In my friendships and family relationships, I heartily believe in love with detachment much of the time. I try to be present and supportive, but also let my loved ones make their own decisions and find their own paths. With my clients, I do my best to be friend and ally and to speak honestly when asked questions. These answers always come with the disclaimer that the client’s own experience and autonomy trump my beliefs.

My role as I see it is to help people to relocate the power of healing back within their own heart center in order to re-awaken the root, sacral and solar plexus centers of security, sexuality and power — whether I’m doing that as astrologer, coach, or guide through past lives and the afterlife.

I am sometimes enraged at the ways in which our culture — which I will here refer to as the patriarchy — has cut us off from our own power. Someone recently mentioned to me the horror of the burning times, when so many were burned at the stake, with flames that burned out the power centers of their chakra systems one by one. I’d never really thought of it that way.

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I also believe that we’re all complicit in everything that has taken place. We’ve all participated in one way or another in human history, as perpetrator and as victim.

And so for those of us who can and want to seek outside guidance and support, I’m grateful for groups of people I would refer to as ‘healers,’ even just because it’s an easy label to use, and even if I don’t like using it for myself. Be it for objective listening or for the guidance of someone who has knowledge of systems we haven’t had time or interest in studying.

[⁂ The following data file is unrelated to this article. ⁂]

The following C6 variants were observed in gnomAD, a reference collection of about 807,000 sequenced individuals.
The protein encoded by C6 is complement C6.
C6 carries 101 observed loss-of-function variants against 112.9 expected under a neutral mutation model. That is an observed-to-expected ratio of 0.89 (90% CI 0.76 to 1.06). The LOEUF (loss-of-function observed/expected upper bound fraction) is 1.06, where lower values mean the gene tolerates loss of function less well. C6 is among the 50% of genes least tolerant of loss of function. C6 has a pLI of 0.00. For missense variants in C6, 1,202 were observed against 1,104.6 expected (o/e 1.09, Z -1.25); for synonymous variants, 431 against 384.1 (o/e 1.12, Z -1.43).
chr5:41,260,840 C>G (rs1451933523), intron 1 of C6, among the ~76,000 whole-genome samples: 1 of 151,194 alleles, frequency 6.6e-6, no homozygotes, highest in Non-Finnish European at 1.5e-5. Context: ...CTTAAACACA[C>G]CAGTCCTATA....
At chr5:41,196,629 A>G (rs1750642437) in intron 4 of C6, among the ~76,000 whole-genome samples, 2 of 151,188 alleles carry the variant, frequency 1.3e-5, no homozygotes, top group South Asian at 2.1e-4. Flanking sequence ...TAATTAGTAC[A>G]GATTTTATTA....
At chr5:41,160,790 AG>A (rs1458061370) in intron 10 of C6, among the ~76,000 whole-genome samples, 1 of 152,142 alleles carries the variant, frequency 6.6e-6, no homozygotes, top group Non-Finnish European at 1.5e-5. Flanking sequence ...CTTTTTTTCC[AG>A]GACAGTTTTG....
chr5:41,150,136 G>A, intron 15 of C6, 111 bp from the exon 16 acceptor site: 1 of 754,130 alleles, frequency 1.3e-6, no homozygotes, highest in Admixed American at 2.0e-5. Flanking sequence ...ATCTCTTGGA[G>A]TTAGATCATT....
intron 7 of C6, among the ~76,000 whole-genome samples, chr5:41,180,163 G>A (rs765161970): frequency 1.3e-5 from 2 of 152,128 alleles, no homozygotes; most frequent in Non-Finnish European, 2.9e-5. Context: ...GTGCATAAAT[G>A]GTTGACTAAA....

As for my original question — who heals the healer? — one wise friend responded with the answer of “the universe.” I sense a truth in that. There’s power there. But it does not account for my own need for human companionship, particularly among those who see through to the core of who I am and are strong enough to hold space for me.

Taking that a step further, it does not account for my need to be held and physically touched by those types of individuals. My soul and spirit seem to be in agreement that my human body needs the comfort of physical touch, even if I’m just wanting to be alone.